Behavioral Ecology of Bees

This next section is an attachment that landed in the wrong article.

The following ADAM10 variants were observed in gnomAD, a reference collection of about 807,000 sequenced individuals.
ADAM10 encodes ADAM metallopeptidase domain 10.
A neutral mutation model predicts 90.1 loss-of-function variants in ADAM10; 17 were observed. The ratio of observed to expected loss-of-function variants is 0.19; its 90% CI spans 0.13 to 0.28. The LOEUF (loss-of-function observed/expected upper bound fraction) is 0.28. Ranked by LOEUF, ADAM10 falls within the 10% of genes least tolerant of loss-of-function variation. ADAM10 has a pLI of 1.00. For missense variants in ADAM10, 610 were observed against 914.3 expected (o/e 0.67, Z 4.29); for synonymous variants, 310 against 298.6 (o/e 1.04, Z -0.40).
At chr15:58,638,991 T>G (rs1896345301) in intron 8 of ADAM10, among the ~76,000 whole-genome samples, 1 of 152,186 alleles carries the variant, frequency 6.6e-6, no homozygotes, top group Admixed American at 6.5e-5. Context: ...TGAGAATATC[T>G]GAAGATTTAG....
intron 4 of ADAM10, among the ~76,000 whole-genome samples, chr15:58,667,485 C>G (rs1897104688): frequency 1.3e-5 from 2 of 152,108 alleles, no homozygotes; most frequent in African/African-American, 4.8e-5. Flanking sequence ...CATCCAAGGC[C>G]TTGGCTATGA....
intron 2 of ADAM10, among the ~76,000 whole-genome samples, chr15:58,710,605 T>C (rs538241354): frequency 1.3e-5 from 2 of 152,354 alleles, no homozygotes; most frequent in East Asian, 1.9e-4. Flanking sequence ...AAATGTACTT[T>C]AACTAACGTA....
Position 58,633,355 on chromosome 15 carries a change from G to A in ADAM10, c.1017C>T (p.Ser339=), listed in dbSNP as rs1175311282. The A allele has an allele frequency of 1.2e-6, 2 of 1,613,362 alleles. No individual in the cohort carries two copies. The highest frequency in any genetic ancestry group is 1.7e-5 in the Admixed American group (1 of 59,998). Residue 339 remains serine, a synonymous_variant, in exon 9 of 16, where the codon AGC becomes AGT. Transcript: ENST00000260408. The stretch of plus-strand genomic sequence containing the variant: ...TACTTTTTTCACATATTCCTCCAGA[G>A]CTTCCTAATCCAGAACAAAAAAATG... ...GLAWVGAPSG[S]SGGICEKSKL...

Bees constitute one of the major plant pollinators globally. They experience adaptation for feeding on pollen and nectar. Pollination is as well defined as the process by which pollen grains are transferred between plants in reproduction. The amount of colonies (maintained by beekeepers) has gradually declined due to systematic use of pesticide, urbanization, Varroa mites, and tracheal. However, this has increased the competition of bee keeping for pollination purposes. Pollination refers to process via which transfer of pollen in plants reproduction occurs, thus facilitating sexual reproduction as well as fertilization. Pollination constitutes an essential step in flowering plants reproduction, resulting in a remarkable production of genetically diverse offspring. The general study of in-depth pollination entails various disciplines such as horticulture, botany, ecology, and entomology. Pollination was first viewed by scientists as an interaction process (in 18th century) between vector and flower. The fact that fruiting is fertilization dependent and is as a result of pollination guarantees the importance of pollination in agriculture as well as horticulture. Pollination can either be abiotic (mediated with no other organisms involved) or biotic (organisms carry the pollen grains from the flower’s anthers to the respective part of the pistil or carpel. Beetles have emerged to be the insects that pollinated the most ancient animal-pollinated flowers; thus the syndrome pertaining insect pollination emerged before the first appearance of bees. However, bees are (specialists) pollination agents with physical and behavioural modifications that facilitate pollination, and are relatively more efficient in performing the task than other pollinating insects such as flies, beetles, pollen wasps, and butterflies. The emergence of these floral specialists has driven the angiosperms’ adaptive radiation, and, consequently, the bees themselves (Riedl, (Johansen, & Barbour, 2006).Methodology: